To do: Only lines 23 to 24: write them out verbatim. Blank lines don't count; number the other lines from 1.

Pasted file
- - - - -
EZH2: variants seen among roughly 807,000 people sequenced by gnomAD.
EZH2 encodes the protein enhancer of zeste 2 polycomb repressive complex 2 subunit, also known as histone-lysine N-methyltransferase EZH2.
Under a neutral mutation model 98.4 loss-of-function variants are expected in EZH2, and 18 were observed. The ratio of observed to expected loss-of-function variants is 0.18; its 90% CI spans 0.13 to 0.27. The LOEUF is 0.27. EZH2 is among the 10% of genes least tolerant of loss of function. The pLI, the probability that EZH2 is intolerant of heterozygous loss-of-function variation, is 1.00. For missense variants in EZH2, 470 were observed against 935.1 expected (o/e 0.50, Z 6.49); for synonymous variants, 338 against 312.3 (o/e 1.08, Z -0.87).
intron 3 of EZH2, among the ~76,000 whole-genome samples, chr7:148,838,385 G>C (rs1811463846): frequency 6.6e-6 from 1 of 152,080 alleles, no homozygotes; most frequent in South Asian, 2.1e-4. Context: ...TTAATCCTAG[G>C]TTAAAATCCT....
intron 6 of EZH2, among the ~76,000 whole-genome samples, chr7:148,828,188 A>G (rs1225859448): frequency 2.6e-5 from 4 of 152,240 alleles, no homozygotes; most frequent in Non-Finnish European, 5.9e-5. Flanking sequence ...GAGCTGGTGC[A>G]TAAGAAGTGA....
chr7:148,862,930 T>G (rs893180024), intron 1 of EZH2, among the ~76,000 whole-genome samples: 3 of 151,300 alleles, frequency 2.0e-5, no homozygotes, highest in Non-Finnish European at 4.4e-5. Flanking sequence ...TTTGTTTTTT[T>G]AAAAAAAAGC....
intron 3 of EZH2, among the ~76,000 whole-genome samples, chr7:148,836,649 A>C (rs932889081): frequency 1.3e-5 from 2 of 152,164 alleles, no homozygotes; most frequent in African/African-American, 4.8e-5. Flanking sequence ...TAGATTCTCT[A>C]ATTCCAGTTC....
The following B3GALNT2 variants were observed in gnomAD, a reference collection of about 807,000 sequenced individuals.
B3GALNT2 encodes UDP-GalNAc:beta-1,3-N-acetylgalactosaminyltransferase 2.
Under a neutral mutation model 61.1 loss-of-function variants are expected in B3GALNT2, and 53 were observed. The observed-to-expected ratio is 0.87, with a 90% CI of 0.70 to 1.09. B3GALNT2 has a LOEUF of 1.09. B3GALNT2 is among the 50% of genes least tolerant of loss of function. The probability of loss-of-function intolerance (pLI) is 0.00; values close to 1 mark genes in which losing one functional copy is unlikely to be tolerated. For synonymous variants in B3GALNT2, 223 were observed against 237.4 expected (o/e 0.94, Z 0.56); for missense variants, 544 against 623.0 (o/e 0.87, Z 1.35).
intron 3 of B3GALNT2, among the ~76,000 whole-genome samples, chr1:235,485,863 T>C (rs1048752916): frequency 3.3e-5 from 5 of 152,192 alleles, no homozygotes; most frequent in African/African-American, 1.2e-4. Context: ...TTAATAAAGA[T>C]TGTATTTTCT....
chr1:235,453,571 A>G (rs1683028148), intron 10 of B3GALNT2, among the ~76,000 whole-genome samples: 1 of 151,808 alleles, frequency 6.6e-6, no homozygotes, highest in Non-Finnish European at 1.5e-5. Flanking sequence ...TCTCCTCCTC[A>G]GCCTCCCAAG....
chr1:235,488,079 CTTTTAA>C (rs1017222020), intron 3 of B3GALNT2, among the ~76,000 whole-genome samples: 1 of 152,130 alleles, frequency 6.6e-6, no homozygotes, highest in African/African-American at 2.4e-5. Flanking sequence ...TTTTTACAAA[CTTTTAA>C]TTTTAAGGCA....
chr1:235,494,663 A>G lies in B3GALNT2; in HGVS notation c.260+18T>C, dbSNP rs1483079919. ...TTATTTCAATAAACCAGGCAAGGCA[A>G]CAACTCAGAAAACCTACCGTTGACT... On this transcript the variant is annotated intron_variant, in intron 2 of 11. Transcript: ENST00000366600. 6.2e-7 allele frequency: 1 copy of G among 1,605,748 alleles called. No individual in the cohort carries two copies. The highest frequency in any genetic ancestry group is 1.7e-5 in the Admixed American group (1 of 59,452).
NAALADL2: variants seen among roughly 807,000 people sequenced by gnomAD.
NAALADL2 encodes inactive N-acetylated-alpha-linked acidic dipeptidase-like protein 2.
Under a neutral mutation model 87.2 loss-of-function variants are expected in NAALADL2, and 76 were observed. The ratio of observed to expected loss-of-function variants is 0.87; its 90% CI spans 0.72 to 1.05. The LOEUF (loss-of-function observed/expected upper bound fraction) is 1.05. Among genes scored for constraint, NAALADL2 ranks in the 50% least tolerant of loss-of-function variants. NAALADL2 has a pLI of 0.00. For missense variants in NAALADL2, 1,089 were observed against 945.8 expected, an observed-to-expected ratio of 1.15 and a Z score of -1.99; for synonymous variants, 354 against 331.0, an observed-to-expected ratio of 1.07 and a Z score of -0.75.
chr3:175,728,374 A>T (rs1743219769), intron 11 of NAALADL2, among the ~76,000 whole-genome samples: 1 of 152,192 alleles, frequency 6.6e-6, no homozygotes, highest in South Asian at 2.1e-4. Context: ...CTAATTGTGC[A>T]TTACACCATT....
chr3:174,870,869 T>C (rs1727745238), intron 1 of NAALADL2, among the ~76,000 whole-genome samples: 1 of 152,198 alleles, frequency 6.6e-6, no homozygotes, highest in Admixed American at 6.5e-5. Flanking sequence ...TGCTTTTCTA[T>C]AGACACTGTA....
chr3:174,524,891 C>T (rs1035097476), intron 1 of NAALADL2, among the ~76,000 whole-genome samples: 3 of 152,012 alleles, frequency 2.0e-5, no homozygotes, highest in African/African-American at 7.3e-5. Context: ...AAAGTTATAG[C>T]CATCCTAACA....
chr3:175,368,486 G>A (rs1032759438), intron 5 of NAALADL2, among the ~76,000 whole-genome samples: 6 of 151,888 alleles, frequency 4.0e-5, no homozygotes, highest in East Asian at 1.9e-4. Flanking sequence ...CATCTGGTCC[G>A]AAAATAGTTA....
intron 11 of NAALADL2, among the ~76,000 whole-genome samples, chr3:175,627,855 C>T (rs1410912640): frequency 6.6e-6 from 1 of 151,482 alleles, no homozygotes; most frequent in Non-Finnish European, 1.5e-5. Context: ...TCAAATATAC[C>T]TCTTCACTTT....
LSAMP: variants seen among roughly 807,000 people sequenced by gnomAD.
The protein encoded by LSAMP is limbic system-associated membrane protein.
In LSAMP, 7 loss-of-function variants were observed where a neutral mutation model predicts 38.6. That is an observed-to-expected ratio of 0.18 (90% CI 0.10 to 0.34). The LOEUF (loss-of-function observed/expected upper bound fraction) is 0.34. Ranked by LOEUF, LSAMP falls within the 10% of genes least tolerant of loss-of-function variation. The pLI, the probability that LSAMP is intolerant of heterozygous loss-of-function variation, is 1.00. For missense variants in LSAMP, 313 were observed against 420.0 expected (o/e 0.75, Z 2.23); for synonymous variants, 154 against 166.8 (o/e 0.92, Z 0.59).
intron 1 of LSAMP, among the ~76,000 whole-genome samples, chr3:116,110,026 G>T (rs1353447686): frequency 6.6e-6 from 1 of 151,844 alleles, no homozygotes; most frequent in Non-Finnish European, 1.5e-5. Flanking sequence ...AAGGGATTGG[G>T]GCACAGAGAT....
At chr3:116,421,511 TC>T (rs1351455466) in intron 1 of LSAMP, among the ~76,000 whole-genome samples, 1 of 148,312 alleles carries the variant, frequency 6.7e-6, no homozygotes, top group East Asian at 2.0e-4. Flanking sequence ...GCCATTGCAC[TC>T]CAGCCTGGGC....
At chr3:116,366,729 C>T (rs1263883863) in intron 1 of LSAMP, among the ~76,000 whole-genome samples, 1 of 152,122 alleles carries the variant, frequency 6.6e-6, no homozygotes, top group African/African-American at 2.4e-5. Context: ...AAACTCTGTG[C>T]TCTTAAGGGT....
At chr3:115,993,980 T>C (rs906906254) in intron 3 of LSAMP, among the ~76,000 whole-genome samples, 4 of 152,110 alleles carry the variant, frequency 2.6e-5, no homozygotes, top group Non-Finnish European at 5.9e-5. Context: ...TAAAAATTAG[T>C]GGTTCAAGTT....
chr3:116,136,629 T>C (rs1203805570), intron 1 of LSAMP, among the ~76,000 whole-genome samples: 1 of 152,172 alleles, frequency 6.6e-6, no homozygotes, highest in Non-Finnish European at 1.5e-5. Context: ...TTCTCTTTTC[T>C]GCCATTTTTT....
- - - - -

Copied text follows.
LSAMP: variants seen among roughly 807,000 people sequenced by gnomAD.
The protein encoded by LSAMP is limbic system-associated membrane protein.